The Australian Government has announced that Adam Boyton was appointed the Interim National Skills
Commissioner. This is the toughest job in Australian education. That’s the view of the Independent
Tertiary Education Council Australia (ITECA), the peak body representing independent providers in the
higher education, vocational education, training and s kills sector s.
“To continue its record -breaking run of uninterrupted economic growth, the Australian economy needs
access to a highly trained workforce. The role of the Interim Skills Commission er is pivotal to this goal
and Mr Boyton has some real challe nges ahead looking beyond the training system, but also Australia’s
skilled migration program,” said Mr Troy Williams, ITECA Chief Executive.
ITECA is of the view that the skilled migration program needs to be considered in the context of the
capacity of the vocational education and training system to deliver a skilled workforce. ITECA notes that
the appointment comes at a time where the tertiary education system is going through a period of
significant and welcome reform.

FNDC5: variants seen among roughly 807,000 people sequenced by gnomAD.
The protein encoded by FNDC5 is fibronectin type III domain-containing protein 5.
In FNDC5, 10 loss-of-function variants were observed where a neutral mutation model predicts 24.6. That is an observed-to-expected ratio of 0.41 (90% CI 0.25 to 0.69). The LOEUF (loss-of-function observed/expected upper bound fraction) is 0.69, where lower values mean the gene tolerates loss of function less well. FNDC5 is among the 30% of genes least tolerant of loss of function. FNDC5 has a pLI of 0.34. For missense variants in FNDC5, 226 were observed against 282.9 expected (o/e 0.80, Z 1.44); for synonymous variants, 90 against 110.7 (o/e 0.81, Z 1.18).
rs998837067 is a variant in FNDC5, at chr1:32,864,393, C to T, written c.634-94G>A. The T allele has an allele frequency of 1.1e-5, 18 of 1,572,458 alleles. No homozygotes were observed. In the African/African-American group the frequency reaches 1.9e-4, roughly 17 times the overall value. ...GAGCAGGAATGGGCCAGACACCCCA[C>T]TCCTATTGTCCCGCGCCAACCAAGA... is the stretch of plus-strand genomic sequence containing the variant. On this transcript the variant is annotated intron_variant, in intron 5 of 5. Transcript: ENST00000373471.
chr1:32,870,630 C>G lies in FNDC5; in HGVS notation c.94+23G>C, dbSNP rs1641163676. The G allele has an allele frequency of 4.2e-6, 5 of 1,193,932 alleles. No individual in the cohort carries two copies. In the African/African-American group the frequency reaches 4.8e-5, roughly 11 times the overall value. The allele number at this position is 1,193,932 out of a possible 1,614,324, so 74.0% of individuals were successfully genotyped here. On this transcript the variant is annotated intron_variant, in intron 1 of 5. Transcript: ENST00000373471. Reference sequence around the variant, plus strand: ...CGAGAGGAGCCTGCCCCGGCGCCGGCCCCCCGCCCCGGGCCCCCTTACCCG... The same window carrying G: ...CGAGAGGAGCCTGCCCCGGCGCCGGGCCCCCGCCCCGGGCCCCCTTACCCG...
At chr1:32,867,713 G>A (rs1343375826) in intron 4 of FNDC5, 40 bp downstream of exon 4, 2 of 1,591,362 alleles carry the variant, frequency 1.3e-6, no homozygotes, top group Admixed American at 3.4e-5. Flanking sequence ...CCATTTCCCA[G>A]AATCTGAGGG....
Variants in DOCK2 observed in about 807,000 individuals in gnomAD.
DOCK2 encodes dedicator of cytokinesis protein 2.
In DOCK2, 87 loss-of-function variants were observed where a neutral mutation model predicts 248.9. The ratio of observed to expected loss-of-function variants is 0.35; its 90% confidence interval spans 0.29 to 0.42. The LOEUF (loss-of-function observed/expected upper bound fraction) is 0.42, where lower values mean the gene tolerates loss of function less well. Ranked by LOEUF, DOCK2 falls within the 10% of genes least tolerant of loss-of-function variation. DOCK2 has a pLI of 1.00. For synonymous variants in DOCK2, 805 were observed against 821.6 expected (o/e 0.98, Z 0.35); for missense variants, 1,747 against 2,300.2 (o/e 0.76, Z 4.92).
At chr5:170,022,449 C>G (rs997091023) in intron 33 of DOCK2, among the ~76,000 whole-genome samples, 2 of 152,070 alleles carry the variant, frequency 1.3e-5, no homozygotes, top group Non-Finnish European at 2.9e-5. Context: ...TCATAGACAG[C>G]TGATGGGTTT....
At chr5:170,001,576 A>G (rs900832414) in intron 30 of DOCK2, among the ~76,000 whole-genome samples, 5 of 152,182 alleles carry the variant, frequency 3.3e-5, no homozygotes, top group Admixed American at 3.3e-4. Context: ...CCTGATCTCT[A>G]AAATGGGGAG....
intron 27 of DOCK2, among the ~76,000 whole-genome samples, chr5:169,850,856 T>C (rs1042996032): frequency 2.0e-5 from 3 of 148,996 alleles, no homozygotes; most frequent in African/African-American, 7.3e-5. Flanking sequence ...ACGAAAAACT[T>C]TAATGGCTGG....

“Funding models, the structure of the qualifications framework and red -tape reduction are all currently
bein g reviewed. Then there is the co -design process for the National Skills Commission, National Careers
Institute and Skills Organisation Pilots. During this necessary upheaval the Interim National Skills
Commissioner has to develop new skills forecasting a nd funding models,” Mr Williams said.
The role of the Interim National Skills Commissioner is important to the independent vocational
education and training system that supports around 70% of the 4.1 million students in vocational
education and training. These students are supported by a mix of funding models that differ between
states and territories that don’t necessarily invest in the skills needed by business.
“The Interim Skills Commissioner has what is arguably the toughest job in Australian educatio n. Mr
Boyton ‘s challenge is to work with the business community to forecast where the jobs of tomorrow will
be, the skills needed to support workers to access these jobs then develop funding models. It’s a tough
gig,” Mr Williams said.
The appointment of the Interim National Skills Commissioner comes at a major time of reform. ITECA is
supportive of the Australian Governments agenda that is transforming the vocational education and
training sector. The commitment of $525 million by the Australian Govern ment in its Delivering Skills for
Today and Tomorrow package is designed to strengthen the architecture of our national skills system.
ensuring Australia continues to provide high quality training and job -ready employees.
“We look forward to working with t he Interim National Skills Commissioner in order to ensure that
independent providers can continue to play the lead role in delivering the quality outcomes that students
and their employers are looking for,” Mr Williams said.